2 Cheap TSX Stocks to Buy Now and Own for Decades

The market continues to soar, but investors can still find some top TSX stocks that trade at cheap prices for a buy-and-hold portfolio.

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The market continues to soar, but investors can still find some top TSX stocks that trade at cheap prices for a buy-and-hold portfolio.

Suncor

Suncor (TSX:SU)(NYSE:SU) trades near $28 per share at the time of writing. That’s up 20% in the past month but still down from the 2021 high of $31 and significantly lower than the $44 the stock traded at before the pandemic.

Interestingly, several of Suncor’s oil sands peers have already fully recovered all of their pandemic losses, and a few even trade at new multi-year highs.

Suncor lost a lot of fans when it slashed the dividend by 55% at the beginning of the pandemic in an effort to preserve cash. Investors had relied on Suncor for its reliable distributions for years, and the company had a good track record of boosting the payout annually, even through the previous crash.

To make matters worse, other oil producers raised their payouts by double digits in 2021, as commodity prices rebounded. Suncor’s profitability is up this year, but the company decided to use excess cash flow to pay down debt and buy back shares.

This strategy will benefit shareholders in the long run, and a big payout increase should be on the way in 2022. Investors who buy the stock today can still pick up a decent 3% dividend yield.

Oil demand is rising, as the global economy recovers from the pandemic. Airlines are ramping up capacity, and commuters will soon hit the highways in large numbers as offices reopen. In fact, gasoline demand could outpace forecasts if people who historically used public transport decide to drive.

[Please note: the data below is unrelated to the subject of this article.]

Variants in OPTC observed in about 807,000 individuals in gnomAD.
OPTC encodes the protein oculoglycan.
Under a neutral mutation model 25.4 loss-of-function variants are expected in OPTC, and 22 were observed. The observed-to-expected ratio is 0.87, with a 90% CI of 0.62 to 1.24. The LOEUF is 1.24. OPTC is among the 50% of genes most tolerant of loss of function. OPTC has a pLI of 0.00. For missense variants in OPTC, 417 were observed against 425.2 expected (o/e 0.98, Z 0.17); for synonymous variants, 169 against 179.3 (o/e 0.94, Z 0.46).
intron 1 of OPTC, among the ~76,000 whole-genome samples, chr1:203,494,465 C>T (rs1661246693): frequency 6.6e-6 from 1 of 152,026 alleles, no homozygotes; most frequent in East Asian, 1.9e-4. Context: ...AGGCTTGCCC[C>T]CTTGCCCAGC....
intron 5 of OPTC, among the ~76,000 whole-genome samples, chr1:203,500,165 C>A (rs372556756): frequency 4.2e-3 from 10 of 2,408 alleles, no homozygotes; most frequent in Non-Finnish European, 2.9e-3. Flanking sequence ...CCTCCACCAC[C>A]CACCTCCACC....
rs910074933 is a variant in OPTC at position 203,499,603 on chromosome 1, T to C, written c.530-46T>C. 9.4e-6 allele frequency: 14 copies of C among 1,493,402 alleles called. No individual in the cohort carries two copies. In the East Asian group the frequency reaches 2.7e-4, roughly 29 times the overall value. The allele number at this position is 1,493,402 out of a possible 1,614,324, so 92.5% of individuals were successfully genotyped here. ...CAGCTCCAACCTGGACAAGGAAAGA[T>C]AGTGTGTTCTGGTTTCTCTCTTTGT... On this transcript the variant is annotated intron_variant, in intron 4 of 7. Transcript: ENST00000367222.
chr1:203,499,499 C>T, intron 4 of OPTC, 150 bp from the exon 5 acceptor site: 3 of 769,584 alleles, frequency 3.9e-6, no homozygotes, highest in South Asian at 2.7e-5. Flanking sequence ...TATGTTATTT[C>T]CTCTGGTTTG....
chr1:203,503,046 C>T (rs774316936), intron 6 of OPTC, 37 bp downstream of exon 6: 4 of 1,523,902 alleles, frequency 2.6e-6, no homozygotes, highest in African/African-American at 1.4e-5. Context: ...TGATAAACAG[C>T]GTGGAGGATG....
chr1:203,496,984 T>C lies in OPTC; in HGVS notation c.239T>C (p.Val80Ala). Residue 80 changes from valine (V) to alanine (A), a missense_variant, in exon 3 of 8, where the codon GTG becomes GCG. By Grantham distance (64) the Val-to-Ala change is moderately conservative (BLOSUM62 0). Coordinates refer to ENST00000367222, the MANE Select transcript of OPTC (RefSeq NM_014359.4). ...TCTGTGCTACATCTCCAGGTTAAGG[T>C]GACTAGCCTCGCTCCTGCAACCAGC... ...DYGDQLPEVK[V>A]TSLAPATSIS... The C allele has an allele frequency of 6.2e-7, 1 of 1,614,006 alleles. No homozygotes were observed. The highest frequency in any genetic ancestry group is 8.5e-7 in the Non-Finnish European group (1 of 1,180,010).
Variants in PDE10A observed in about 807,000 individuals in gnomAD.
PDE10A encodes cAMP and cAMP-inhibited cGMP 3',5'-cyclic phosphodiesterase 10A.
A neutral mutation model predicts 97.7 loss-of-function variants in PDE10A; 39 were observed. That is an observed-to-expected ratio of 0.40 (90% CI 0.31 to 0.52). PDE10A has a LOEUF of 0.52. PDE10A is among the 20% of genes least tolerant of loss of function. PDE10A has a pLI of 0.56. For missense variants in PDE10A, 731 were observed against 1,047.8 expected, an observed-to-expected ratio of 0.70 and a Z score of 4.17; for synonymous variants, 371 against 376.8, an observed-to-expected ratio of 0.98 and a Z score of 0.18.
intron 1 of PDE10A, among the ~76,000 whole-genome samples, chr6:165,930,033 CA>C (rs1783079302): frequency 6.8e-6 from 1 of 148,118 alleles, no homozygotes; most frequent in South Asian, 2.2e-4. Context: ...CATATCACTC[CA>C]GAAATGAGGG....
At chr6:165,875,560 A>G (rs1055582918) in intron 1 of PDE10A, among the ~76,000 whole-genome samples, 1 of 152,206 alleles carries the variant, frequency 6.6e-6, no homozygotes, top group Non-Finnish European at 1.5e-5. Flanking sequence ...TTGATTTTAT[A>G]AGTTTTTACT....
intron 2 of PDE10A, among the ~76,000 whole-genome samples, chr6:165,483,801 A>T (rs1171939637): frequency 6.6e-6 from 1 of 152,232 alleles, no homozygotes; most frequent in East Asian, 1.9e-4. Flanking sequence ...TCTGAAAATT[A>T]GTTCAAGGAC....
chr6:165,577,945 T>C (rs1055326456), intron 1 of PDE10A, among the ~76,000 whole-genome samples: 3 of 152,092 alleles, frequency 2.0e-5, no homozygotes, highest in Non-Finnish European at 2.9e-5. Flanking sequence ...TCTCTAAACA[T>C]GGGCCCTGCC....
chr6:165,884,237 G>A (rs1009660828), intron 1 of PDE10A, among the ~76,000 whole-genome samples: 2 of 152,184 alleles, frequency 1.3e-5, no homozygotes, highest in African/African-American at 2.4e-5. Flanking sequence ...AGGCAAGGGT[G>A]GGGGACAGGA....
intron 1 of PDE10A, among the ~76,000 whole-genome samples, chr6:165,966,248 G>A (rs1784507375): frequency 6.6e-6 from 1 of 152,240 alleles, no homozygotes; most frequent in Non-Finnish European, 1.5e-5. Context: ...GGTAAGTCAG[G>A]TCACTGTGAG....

Manulife

Manulife (TSX:MFC)(NYSE:MFC) is a Canadian insurance, wealth management, and asset management company with a market capitalization of $47 billion.

The firm’s insurance business in the United States operates as Manulife, and the wealth management business is handled through its John Hancock subsidiary.

Manulife also has a large presence in Asia. The region could drive the bulk of future revenue and profit growth, given the population numbers, and the opportunities that arise as the middle class expands.

Manulife’s dividend took a 50% haircut during the financial crisis, but the company rebounded in recent years and the payout is now back above the level it was before the Great Recession. Management has taken steps to remove risks connected to falling equity markets, so a repeat of the distribution cut is unlikely in the next crash. Manulife is generating strong profits now, and the dividend should continue to grow.

The stock trades near $24.50 at the time of writing compared to the 2021 high above $27.50, so there is an opportunity right now to buy Manulife on a dip. Investors can currently pick up a 4.5% annualized dividend yield.

This is a good stock to buy if you want a financial pick for the portfolio that doesn’t have the same housing exposure as the Canadian banks.

The bottom line on cheap TSX stocks

Suncor and Manulife are leaders in their respective industries and should deliver solid returns in 2022 and beyond. The stocks appear attractive at current prices and offer decent dividends that should grow next year. If you have some cash to put to work, these companies deserve to be on your radar.

This article represents the opinion of the writer, who may disagree with the “official” recommendation position of a Motley Fool premium service or advisor. We’re Motley! Questioning an investing thesis — even one of our own — helps us all think critically about investing and make decisions that help us become smarter, happier, and richer, so we sometimes publish articles that may not be in line with recommendations, rankings or other content.

The Motley Fool has no position in any of the stocks mentioned. Fool contributor Andrew Walker owns shares of Suncor.

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